Diamond Blackfan Anaemia | Leukaemia Foundation

Diamond Blackfan Anaemia

What is Diamond Blackfan Anaemia?

Diamond Blackfan Anaemia (DBA) is a rare blood disorder that occurs when the bone marrow fails to make enough red blood cells.

How common is DBA?

DBA is a rare condition that affects approximately five to seven children per million. It occurs equally in boys and girls and in all ethnic groups.

What is the prognosis of DBA?

DBA is a potentially life-threatening condition that can cause severe anaemia. Symptoms of DBA need to be managed by an experienced haematologist.

There is a risk that DBA can transform to leukaemia in some cases.

What causes DBA?

DBA is an inherited condition that affects the body’s genetic material involving ribosomal protein. In approximately 15% of children there is a fault with the specific protein gene called ‘ribosomal protein S19’ (RPS19). In rare cases in boys, the condition is due to a mutation in GATA1 (a class of genes that regulates one of the steps in red blood cell production).

What are the symptoms of DBA?

Symptoms of DBA vary between children depending on a variety of factors including genetic mutations. Symptoms often start in the first few months of life.

The most common symptoms of DBA are:

  • pale skin
  • low energy levels
  • fatigue or tiredness
  • difficulty breathing
  • in babies, tiring during feeding.

Approximately 40% children with DBA may have one or more of the following physical characteristics:

  • short stature
  • head, face and neck abnormalities
  • thumb defects
  • kidney or heart problems
  • delayed puberty.

As DBA may resemble other medical conditions and blood disorders, it is important to consult your doctor and medical team if you have any questions or concerns.

How is DBA diagnosed?

DBA is usually diagnosed is the first year of life and usually before four months of age. DBA is diagnosed with a bone marrow biopsy and cytogenetic analysis of the cells to determine what genes are affected.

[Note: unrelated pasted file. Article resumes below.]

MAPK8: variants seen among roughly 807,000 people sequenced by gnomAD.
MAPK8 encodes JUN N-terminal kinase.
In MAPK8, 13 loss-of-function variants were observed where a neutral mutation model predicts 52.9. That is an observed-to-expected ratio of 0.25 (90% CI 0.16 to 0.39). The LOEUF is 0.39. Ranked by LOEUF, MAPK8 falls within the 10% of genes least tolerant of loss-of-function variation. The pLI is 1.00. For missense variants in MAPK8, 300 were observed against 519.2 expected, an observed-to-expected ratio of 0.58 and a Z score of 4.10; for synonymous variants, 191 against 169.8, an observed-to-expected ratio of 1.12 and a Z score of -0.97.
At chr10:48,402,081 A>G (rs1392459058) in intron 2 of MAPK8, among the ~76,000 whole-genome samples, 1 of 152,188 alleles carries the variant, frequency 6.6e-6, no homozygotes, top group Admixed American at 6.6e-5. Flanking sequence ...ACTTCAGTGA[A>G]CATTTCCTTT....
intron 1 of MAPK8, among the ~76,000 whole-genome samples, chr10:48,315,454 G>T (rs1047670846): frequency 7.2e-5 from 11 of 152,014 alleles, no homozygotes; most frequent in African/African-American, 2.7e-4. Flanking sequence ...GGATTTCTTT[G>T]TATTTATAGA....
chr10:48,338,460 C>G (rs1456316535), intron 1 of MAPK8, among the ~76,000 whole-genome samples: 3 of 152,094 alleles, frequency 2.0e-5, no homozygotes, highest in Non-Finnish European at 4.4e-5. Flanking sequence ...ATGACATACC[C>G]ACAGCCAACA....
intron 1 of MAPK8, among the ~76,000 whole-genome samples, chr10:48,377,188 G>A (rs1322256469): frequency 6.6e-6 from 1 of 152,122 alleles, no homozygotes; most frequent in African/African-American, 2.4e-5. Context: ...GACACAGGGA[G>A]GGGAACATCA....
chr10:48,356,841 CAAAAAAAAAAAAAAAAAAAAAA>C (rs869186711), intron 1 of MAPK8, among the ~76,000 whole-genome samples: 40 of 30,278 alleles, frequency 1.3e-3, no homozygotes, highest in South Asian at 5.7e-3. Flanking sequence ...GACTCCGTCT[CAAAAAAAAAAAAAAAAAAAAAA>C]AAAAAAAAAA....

What is the treatment for DBA?

There are two common forms of treatment:

Steroid therapy: Approximately 70% of people diagnosed with DBA have steroid therapy which improves their anaemia. However, in some cases steroid therapy can stop working and the anaemia may return. Sometimes steroid therapy is used in combination with cyclosporin A. Those who respond to steroid treatment may remain on steroids for the rest of their lives.

Blood transfusions: For those who do not respond to steroid treatment, regular blood transfusions may be required. It is important to note that recipients of regular blood transfusions may be at risk of iron overload. Iron overload occurs when there is a buildup of iron in the body as a result of blood transfusions. It is important to discuss this with your health care professional.

Is there a cure?

There are instances when some people may have a period of being symptom free or are even cured of DBA, but this is uncommon and difficult to predict. A bone marrow or stem cell transplant is the only known cure for DBA. Your doctor will discuss treatment options suitable to your particular situation with you and your family and gain your consent prior to beginning any treatment.

Useful links

Diamond Blackfan Anaemia Charity UK: www.diamondblackfan.org.uk

Diamond Blackfan Anaemia Foundation: www.dbafoundation.org

Last updated on July 1st, 2019

Developed by the Leukaemia Foundation in consultation with people living with a blood cancer, Leukaemia Foundation support staff, haematology nursing staff and/or Australian clinical haematologists. This content is provided for information purposes only and we urge you to always seek advice from a registered health care professional for diagnosis, treatment and answers to your medical questions, including the suitability of a particular therapy, service, product or treatment in your circumstances. The Leukaemia Foundation shall not bear any liability for any person relying on the materials contained on this website.

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